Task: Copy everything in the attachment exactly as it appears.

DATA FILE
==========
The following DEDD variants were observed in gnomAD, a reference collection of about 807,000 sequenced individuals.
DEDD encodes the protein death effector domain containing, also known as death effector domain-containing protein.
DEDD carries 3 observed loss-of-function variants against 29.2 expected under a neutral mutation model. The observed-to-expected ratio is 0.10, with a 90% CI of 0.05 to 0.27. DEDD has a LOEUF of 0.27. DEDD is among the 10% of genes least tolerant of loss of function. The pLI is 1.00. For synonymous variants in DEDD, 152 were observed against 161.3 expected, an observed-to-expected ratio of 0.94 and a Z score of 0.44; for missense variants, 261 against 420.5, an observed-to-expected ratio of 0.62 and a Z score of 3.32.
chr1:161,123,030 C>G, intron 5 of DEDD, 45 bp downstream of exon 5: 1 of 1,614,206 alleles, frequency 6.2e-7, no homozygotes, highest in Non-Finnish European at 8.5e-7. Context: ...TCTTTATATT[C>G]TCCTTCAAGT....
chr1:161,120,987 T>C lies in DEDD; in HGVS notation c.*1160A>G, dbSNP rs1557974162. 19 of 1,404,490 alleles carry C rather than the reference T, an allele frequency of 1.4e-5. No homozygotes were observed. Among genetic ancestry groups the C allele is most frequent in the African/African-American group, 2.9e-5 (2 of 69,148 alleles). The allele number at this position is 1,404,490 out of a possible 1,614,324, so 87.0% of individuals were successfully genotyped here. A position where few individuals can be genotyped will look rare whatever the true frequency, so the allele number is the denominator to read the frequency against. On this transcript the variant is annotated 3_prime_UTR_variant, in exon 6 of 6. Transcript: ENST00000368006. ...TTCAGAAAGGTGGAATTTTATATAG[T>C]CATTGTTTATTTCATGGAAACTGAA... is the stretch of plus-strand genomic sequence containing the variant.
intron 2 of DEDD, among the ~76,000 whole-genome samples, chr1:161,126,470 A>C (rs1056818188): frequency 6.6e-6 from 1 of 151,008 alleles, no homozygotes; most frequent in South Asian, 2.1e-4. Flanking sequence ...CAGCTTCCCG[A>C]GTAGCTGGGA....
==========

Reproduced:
The following DEDD variants were observed in gnomAD, a reference collection of about 807,000 sequenced individuals.
DEDD encodes the protein death effector domain containing, also known as death effector domain-containing protein.
DEDD carries 3 observed loss-of-function variants against 29.2 expected under a neutral mutation model. The observed-to-expected ratio is 0.10, with a 90% CI of 0.05 to 0.27. DEDD has a LOEUF of 0.27. DEDD is among the 10% of genes least tolerant of loss of function. The pLI is 1.00. For synonymous variants in DEDD, 152 were observed against 161.3 expected, an observed-to-expected ratio of 0.94 and a Z score of 0.44; for missense variants, 261 against 420.5, an observed-to-expected ratio of 0.62 and a Z score of 3.32.
chr1:161,123,030 C>G, intron 5 of DEDD, 45 bp downstream of exon 5: 1 of 1,614,206 alleles, frequency 6.2e-7, no homozygotes, highest in Non-Finnish European at 8.5e-7. Context: ...TCTTTATATT[C>G]TCCTTCAAGT....
chr1:161,120,987 T>C lies in DEDD; in HGVS notation c.*1160A>G, dbSNP rs1557974162. 19 of 1,404,490 alleles carry C rather than the reference T, an allele frequency of 1.4e-5. No homozygotes were observed. Among genetic ancestry groups the C allele is most frequent in the African/African-American group, 2.9e-5 (2 of 69,148 alleles). The allele number at this position is 1,404,490 out of a possible 1,614,324, so 87.0% of individuals were successfully genotyped here. A position where few individuals can be genotyped will look rare whatever the true frequency, so the allele number is the denominator to read the frequency against. On this transcript the variant is annotated 3_prime_UTR_variant, in exon 6 of 6. Transcript: ENST00000368006. ...TTCAGAAAGGTGGAATTTTATATAG[T>C]CATTGTTTATTTCATGGAAACTGAA... is the stretch of plus-strand genomic sequence containing the variant.
intron 2 of DEDD, among the ~76,000 whole-genome samples, chr1:161,126,470 A>C (rs1056818188): frequency 6.6e-6 from 1 of 151,008 alleles, no homozygotes; most frequent in South Asian, 2.1e-4. Flanking sequence ...CAGCTTCCCG[A>C]GTAGCTGGGA....